Default implementations in interfaces

Mads Torgersen

Mads

Default implementations in interfaces

With last week’s posts Announcing .NET Core 3.0 Preview 5 and Visual Studio 2019 version 16.1 Preview 3, the last major feature of C# 8.0 is now available in preview.

A big impediment to software evolution has been the fact that you couldn’t add new members to a public interface. You would break existing implementers of the interface; after all they would have no implementation for the new member!

Default implementations help with that. An interface member can now be specified with a code body, and if an implementing class or struct does not provide an implementation of that member, no error occurs. Instead, the default implementation is used.

Let’s say that we offer the following interface:

An existing class, maybe in a different code base with different owners, implements ILogger:

Now we want to add another overload of the Log method to the interface. We can do that without breaking the existing implementation by providing a default implementation – a method body:

The ConsoleLogger still satisfies the contract provided by the interface: if it is converted to the interface and the new Log method is called it will work just fine: the interface’s default implementation is just called:

Of course an implementing class that does know about the new member is free to implement it in its own way. In that case, the default implementation is just ignored.

The best way to get acquainted with default implementations is the Tutorial: Update interfaces with default interface members in C# 8 on Microsoft Docs.

Happy hacking!

Mads

Mads Torgersen
Mads Torgersen

C# Lead Designer, .NET Team

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50 Comments
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cheong00 2019-05-14 20:59:28
Does it mean we can now define private member in interfaces? That's because as far as I understands, the default implementation would still required to use defined member of the interface only, and IMO in the most cases, useful default implementation would need access to some private members. (This is the primary reason why we choose base classes over interface when need to choose between them)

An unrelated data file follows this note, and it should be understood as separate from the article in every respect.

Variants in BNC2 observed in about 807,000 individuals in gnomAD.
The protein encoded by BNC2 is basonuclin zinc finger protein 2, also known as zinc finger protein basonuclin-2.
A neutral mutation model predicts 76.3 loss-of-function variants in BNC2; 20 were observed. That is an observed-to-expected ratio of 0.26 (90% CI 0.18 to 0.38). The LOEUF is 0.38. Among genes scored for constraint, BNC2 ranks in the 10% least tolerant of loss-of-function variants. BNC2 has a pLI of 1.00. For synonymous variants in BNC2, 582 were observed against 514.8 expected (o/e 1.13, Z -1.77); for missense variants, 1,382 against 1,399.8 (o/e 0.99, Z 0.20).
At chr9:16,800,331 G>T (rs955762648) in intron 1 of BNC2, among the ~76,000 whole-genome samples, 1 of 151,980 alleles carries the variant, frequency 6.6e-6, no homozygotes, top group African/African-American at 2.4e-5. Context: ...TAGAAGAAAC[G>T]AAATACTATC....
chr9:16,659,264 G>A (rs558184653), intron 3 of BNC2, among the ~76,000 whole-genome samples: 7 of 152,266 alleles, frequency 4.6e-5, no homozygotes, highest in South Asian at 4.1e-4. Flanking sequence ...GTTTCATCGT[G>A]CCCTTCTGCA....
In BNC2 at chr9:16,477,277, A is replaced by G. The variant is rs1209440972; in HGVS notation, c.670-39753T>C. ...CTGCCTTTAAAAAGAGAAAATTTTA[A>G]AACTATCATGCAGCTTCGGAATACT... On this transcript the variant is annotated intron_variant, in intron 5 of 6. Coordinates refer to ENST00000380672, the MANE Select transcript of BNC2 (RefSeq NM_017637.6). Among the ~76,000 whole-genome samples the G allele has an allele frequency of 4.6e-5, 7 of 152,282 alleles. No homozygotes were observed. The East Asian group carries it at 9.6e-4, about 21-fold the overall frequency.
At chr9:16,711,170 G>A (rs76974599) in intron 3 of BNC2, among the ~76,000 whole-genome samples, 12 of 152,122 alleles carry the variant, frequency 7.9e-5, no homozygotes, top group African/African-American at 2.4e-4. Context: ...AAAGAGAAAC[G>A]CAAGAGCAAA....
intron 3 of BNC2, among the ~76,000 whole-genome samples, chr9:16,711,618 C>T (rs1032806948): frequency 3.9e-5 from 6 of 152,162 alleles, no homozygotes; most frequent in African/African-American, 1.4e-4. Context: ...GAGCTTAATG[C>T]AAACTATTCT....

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cheong00 2019-05-14 21:12:12
For some reason, I hope you can find it worth considering to allow interfaces to specify base class for default implementations. That base class could be abstract class that provides implementation for methods that it want to provide, and for members which the class wouldn't provide default implmentation it can just specify them as abstract members. In this way we can somehow solve the "multiple base class" problem - either need to explicitly cast to interface when ambiguity is found, or find some way to define proper resolve order of interface.
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Hzj_jie 何子杰 2019-05-14 23:22:53
"Oracle did this" is not a reasonable argument of doing the same thing in .net. I'd prefer to call it a horrible and easy-to-be-abused feature.
Neil Walker
Neil Walker 2019-05-15 00:19:37
When you over engineer something it doesn't get better, it starts to become a mess. There's a reason why it's an interface, if your want code, user an abstract class.  You're re just trying to fix an edge case by ruining a simple principle. Just like java did with enums. 
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Xavier Poinas 2019-05-15 00:39:04
This seems quite sloppy to me. Isn't this what abstract classes are for? With those changes, what's the difference between an interface and an abstract class? The only one I see is that a class can only inherit one (abstract) class but can implement several interfaces. The restriction on having only one base class was to avoid the typical issues associated with multiple inheritance. With interfaces behaving like classes aren't we back to multiple inheritance?
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Rehan Saeed 2019-05-15 01:00:19
This is the one feature of C# 8 that I don't like and I think is a mistake.
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Charles Roddie 2019-05-15 01:46:18
People worry that this will lead to clean code resulting from multiple inheritance. In that case it may be better to give a warning on creation of these interfaces, which can be disabled when writing Java interop code. (It is said that the real reason for this feature is Java interop. )